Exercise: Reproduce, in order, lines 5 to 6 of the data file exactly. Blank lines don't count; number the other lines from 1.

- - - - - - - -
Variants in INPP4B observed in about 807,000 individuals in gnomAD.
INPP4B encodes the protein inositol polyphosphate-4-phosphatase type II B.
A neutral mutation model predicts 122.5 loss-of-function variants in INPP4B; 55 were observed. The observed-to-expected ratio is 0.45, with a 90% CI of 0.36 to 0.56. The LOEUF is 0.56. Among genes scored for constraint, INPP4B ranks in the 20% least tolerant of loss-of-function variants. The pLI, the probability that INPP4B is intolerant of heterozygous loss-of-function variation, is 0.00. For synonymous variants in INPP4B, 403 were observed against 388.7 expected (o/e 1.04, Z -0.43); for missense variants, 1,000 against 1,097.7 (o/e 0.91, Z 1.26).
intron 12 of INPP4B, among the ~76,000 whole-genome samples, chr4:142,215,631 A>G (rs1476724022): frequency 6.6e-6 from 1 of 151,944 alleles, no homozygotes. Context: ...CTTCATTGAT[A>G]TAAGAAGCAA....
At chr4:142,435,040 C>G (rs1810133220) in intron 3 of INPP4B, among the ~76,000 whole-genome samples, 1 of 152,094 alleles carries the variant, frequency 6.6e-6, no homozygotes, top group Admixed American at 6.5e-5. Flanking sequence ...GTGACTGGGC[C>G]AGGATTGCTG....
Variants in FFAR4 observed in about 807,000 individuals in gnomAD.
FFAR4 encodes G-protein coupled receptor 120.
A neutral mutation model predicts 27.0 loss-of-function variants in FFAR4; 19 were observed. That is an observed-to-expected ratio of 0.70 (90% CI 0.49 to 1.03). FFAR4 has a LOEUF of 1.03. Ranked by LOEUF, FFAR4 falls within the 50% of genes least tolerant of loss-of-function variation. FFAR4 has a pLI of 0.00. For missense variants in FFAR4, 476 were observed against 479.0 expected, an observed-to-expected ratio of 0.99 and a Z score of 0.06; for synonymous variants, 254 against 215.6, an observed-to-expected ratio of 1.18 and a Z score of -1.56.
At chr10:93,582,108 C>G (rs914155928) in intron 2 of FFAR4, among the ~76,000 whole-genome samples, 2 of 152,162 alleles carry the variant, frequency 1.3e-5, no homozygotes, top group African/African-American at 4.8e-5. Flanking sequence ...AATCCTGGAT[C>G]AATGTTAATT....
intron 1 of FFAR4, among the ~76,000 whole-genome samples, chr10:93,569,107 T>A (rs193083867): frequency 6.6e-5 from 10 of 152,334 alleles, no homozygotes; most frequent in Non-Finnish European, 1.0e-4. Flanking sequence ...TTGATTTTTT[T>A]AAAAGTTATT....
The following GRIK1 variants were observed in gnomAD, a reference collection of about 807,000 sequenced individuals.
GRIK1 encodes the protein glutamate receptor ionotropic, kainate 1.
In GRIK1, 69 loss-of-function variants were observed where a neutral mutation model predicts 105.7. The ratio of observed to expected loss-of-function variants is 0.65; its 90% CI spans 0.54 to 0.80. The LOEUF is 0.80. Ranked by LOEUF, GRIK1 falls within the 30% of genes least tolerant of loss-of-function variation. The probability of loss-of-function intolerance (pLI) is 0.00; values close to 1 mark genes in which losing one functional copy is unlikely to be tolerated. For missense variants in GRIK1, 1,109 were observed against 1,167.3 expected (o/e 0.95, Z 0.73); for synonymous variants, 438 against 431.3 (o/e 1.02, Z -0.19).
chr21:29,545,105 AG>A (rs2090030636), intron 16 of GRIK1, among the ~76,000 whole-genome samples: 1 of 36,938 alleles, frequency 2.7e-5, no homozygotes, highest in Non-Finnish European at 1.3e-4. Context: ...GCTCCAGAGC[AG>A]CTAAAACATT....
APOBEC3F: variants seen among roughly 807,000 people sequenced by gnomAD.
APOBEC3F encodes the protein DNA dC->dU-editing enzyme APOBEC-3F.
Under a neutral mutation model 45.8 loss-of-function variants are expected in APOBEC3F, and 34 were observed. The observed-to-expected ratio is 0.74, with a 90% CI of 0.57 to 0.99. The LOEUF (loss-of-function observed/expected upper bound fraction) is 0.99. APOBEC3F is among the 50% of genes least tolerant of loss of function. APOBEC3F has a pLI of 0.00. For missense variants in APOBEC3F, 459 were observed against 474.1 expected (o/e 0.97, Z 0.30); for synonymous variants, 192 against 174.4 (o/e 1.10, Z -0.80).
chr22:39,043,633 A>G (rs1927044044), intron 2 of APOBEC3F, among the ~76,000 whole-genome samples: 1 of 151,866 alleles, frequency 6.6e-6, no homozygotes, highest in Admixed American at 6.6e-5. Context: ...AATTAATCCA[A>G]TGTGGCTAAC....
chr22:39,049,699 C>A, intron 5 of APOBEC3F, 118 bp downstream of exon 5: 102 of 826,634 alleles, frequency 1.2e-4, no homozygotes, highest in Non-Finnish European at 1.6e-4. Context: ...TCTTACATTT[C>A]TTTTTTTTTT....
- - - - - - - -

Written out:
At chr4:142,435,040 C>G (rs1810133220) in intron 3 of INPP4B, among the ~76,000 whole-genome samples, 1 of 152,094 alleles carries the variant, frequency 6.6e-6, no homozygotes, top group Admixed American at 6.5e-5. Flanking sequence ...GTGACTGGGC[C>G]AGGATTGCTG....
Variants in FFAR4 observed in about 807,000 individuals in gnomAD.